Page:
Troops, patrols and packs traditionally meet every Saturday afternoon for 3-4 hours. A Swiss Scouter writes, "We spend 98 percent of our time outside in the woods or in the field. I get inside with my cubs three or four times a year, when the weather is clearly unbearable (temperature below -25 Celsius or snowstorm). Otherwise, we're outside."


Kandersteg, to our knowlege, is the only permanent, year round international Scout camp in the world. Every summer there are a few thousand Scouts from every corner of the world camping there.


Swiss Cub-scouts and Boy-scouts wore dark blue corderoy-shorts and the older, Rover-scouts wore dark beige ones with knee-socks. In winter there were corderoy knickers with knee socks or shorts with stockings or tights. Naturally stockings and tights under shorts started to disappear in the 1960s. Lederhosen were never popular in Switzerland and were definitely not worn in Scouting, even in the German-speaking areas. The mandatory parts of the Swiss Scout uniform in the 2000s are the shirt, the neckerchief, sturdy hiking boots, a fire lighter, and of course a Swiss army knife. Optional items are are belt, scout jeans, hat, dagger, etc. A new Scout receives his/her neclerchied and vulgo (scout name) from his unit leader in an initiation ceremony before the whole troop.



A Scouter writes, "I am very intrigued over the wonderful HBU section on the Boy Scouts. I was active in the Scouts from my early youth on in Switzerland and then became a member of the professional service of the American BSA, where I spent 27 years, before taking on the position of Director of the World Scout Foundation in Geneve Switzerland. Now retired from the Scouts I am still active ion Fundraising for a local Hospital. Enclosed you find a picture of me as a "fresh baked" Cub Scout at the age of 7 years in Switzerland. As you can see I wore the long stockings, which were common at that time. The were held up by a waist. As we grew up in the mountains, we wore them all winter long and well into the spring. During son-time we wore long knickers-type ski pants which were held together at the ankles. Once it was a bit less cold it was tradition to wear short pants and stockings. As we grew older these stockings were replaced with either woolen hand knit tights or commercially bought tights. [Voute]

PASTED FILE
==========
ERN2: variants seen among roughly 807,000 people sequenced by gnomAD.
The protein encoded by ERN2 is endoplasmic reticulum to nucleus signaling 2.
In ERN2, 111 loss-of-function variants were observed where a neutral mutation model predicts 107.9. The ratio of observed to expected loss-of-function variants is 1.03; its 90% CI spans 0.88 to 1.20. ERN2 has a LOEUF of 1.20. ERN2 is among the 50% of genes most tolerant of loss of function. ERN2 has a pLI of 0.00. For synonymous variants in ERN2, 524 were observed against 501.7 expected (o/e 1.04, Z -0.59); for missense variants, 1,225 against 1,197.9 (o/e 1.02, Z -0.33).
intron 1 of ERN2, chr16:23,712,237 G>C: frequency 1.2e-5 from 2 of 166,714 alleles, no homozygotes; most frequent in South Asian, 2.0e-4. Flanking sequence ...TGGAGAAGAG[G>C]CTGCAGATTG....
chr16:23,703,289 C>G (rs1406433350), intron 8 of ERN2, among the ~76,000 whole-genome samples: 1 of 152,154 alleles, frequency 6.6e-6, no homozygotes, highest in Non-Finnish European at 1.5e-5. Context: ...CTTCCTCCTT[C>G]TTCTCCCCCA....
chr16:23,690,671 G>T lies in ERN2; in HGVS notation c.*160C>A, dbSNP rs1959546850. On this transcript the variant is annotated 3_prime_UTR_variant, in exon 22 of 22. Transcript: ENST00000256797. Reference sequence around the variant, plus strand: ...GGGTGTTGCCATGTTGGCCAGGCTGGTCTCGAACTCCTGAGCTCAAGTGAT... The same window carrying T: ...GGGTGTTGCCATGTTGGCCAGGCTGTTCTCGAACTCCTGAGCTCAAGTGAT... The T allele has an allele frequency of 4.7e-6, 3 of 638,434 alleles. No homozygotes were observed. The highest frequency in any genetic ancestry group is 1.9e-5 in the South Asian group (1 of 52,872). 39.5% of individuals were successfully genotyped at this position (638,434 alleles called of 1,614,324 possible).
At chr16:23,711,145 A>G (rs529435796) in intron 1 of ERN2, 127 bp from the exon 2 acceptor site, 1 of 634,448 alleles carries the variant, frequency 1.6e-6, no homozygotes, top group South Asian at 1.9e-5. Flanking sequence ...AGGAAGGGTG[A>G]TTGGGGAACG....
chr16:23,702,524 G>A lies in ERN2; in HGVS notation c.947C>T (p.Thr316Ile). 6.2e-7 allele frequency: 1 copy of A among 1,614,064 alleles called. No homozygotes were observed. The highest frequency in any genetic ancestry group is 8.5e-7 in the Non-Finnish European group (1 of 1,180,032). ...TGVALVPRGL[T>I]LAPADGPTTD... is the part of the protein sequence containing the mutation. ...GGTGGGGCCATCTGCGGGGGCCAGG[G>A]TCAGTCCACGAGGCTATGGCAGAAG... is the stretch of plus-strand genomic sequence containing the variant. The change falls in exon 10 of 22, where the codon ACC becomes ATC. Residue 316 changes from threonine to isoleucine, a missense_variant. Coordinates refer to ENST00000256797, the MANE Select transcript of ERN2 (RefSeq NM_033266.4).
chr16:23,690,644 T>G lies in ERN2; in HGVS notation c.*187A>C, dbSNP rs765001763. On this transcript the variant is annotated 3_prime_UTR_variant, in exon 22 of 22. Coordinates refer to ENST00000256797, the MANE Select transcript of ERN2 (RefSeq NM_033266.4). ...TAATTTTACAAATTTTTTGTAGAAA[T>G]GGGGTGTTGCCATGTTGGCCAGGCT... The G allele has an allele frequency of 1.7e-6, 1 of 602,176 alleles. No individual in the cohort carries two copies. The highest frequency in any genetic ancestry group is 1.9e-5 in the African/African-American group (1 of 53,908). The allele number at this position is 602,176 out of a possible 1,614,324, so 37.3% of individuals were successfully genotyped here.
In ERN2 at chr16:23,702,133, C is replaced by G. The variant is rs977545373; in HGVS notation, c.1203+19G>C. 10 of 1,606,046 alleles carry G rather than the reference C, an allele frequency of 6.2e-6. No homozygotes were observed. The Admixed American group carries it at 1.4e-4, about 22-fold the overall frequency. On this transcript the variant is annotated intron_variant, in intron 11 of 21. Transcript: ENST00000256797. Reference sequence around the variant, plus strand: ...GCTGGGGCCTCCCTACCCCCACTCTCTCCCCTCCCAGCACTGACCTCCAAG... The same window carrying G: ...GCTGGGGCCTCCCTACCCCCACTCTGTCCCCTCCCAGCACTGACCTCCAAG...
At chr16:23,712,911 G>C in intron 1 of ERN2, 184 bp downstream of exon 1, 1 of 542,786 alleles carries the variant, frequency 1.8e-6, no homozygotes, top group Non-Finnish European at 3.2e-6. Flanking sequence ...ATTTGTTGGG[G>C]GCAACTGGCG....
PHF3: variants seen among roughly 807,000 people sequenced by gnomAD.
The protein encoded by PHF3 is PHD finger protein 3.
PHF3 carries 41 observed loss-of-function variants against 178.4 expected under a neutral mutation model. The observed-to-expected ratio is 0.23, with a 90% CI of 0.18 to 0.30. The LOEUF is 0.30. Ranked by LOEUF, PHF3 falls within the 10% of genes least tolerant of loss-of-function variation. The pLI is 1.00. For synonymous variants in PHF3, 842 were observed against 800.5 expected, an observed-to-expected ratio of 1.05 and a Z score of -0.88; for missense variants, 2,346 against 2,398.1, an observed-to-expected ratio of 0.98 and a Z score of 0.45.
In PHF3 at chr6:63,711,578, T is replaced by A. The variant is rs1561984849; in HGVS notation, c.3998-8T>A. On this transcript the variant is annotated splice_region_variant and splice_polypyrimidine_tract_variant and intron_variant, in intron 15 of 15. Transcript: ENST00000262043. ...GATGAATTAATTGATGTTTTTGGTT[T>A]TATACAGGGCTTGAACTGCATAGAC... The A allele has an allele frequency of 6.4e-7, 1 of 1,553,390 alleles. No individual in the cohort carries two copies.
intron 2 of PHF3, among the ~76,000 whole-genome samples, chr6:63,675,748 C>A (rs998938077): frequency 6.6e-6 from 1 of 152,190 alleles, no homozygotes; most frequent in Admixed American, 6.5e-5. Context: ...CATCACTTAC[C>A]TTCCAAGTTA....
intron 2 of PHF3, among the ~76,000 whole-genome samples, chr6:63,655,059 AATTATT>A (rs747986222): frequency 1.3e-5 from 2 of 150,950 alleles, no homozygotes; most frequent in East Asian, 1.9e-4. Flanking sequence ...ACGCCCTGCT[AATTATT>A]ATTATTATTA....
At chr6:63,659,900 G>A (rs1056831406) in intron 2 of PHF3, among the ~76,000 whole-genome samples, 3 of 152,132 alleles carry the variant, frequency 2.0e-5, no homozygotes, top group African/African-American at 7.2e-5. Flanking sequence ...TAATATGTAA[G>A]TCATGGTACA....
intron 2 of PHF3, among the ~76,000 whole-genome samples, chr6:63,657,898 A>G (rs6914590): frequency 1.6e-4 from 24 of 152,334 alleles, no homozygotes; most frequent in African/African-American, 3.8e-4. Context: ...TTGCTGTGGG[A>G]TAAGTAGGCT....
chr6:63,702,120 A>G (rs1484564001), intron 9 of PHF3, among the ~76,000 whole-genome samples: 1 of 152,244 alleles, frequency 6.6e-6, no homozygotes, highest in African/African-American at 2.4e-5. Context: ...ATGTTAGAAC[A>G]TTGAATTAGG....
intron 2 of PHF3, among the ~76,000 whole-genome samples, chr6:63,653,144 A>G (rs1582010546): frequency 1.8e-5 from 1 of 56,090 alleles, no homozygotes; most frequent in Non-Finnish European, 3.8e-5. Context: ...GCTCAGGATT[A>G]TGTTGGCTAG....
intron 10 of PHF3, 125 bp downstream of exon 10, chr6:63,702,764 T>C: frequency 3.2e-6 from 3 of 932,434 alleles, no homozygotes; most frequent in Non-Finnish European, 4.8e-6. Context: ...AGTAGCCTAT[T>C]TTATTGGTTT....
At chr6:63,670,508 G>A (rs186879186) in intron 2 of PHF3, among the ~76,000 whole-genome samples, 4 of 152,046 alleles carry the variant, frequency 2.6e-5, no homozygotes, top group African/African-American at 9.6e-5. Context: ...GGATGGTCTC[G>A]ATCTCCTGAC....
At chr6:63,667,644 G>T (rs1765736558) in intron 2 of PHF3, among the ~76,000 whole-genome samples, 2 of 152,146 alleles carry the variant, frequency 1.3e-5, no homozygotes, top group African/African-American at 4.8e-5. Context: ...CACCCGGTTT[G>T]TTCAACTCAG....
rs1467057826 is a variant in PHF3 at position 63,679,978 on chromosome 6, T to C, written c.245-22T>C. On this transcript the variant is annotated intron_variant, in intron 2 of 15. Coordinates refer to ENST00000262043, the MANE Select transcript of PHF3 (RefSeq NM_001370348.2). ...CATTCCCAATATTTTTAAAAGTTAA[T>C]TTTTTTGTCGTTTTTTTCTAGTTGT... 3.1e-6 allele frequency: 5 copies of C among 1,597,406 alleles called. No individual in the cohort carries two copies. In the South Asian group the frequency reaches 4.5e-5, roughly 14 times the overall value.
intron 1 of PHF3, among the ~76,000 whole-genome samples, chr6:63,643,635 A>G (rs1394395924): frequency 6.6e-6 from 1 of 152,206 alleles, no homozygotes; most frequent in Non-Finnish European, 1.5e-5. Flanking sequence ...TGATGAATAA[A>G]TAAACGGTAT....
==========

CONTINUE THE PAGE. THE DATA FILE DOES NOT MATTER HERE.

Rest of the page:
J & S Program

The Swiss Government J & S program supports youth sports and outdoor activities as well as youth leadership training. J & S subsidizes camps for children anf youth 12-18 years of age. They also provide camping supplies like tents, denim square units, ropes, ect. The Swiss Scout Movement participates in the J & S program.


Voute, Tom. E-mail message, May 13, 2006.


Navigate the Historic Boys' Uniform Chronology Pages:
[Return to the Main chronologies page]
[The 1900s] [The 1910s] [The 1920s] [The 1930s] [The 1940s] [The 1950s] [The 1960s] [The 1970s] [The 1980s] [The 1990s] [The 2000s]

Navigate the Historic Boys' Uniform Web Site:
[Activities] [Biographies] [Chronologies] [Countries] [Essays] [Garments] [Organizations] [Religion] [Other]
[Introduction] [Bibliographies] [Contributions] [FAQs] [Questions] [Unknown images]
[Boys' Uniform Home]

Navigate the Historic Boys' Uniform Web organizatiion pages:
[Return to the National Scout page]
[Return to the Main Swiss Youth group page]
[Boys' Brigade] [Camp Fire] [Hitler Youth] [National] [Pioneers] [Royal Rangers] [Scout]

Created: 6:55 PM 5/13/2006
Last updated: 2:48 AM 6/1/2006